Apple introduces a multi-provider SIM for iPad - shouldn't all smart devices work like this?

via Flickr © Henriksent (CC BY 2.0)

via Flickr © Henriksent (CC BY 2.0)

Much excitement in  Apple circles yesterday as fanbois caught sight of an understated announcement from the company during its broad introduction of new products (lots of new iPads and some new Mac minis). It wasn't a famous "And one more thing" moment, as of old though. It was simply another shy at the soft(ish) SIM, something that Apple has been worrying away at for years and has now experienced a bit of movement. Its latest iPads will have a pop-up menu giving its users the "flexibility to choose from a variety of short term [carrier] plans.”  Notice the "short term" bit - this is really just a way of promoting cellular as a tablet option.  Don't expect to see US and European carriers busting to have similar capabilities on iPhones (or any other phones for that matter).

Control of the SIM is seen as an ace up the sleeve by mobile operators in their strategic tussle with phone vendors. Vendors like the idea of making service more flexible (easy swapping from provider to provider) while for obvious reasons operators like that idea not at all - they can see it diminishing their role and pushing them into price wars.

In some parts of the world though, it's already a given that you might have multiple SIMs for different purposes, different call destinations and so on; and phones can have housings for multiple SIMs so users can switch when appropriate. Nokia's X2 phone has a dual SIM capability and most recently BlackBerry bought UK solutions provider Movirtu which has developed some multi-SIM technology allowing employees to use both a business and personal number on the same device.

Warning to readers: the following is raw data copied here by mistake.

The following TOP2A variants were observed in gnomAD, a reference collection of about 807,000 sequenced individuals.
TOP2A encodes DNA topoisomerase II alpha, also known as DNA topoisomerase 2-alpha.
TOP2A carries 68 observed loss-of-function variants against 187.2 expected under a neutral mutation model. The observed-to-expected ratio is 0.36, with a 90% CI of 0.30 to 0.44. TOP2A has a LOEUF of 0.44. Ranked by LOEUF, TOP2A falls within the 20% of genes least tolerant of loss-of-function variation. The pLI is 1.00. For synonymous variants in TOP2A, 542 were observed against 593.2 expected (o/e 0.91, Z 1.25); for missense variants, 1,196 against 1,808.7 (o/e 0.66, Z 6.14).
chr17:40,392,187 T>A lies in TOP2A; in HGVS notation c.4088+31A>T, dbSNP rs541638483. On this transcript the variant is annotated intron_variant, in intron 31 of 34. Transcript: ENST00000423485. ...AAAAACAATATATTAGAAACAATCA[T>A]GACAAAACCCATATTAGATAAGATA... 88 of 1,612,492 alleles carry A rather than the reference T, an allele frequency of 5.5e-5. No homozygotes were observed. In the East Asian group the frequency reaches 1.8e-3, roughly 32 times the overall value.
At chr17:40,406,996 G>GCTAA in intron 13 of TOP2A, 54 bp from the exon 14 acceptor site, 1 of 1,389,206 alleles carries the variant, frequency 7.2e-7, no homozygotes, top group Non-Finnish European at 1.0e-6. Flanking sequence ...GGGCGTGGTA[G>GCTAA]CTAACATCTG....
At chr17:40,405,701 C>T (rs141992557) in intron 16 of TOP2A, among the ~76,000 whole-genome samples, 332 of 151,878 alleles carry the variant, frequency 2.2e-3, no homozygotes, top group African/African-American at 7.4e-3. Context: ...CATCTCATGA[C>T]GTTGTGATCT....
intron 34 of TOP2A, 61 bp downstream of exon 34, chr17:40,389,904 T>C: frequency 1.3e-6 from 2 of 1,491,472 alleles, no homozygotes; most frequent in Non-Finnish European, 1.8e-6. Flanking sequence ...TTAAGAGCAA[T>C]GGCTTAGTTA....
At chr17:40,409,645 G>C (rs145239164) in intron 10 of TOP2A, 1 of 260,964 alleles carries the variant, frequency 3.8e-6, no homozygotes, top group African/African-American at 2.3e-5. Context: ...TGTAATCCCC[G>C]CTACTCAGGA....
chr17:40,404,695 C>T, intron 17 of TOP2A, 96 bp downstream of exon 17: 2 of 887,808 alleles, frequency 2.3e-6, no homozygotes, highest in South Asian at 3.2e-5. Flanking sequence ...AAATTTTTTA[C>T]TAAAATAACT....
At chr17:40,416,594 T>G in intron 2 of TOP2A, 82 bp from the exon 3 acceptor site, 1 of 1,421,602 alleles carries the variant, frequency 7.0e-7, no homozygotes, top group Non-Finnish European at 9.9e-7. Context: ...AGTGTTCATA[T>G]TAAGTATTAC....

So there's no technical barrier, just a great big commercial one. Many service providers just don't like any sort of soft SIM, especially if it's being dealt up by a deadly long-term strategic competitor like Apple. So no real surprise that Apple's soft SIM capability is aimed at the iPad (not, as yet, the iPhone) which famously, in common with Android tablets and others, tends not to be used at all across the cell network even when it's bought with cell technology on-board. Many iPad owners use them at home or at the office or within the range of some communal WiFi.

The multi-SIM idea is to tempt users into the cellular water  -  for users it takes away the need  to go planting SIMs inside devices because the service offers pop-up on-screen and in this case give users (so far) a choice of AT&T, T-Mobile and Sprint in the U.S, and EE in the U.K. And, as the literature makes clear, the offers available from the SIM are 'short term' [read highly expensive on a bits per dollar/euro basis].  This is for introductions only, at least so the telcos hope.

But it may be difficult to stop the concept creeping. It strikes me that such a SIM would be able to initiate the sort of roaming that should by now have been developed on the smartphone. You arrive in France and you pick a short-term French provider with a good offer on international calls (back to your country of origin) and a good data allowance.  No SIM-bothering, no bill shock, no need to involve your home telco.

So this isn't another astounding Apple breakthrough, it's an acceptable (for carriers) way to pick up some incremental service revenue, but it might help soften that SIM over the longer term.

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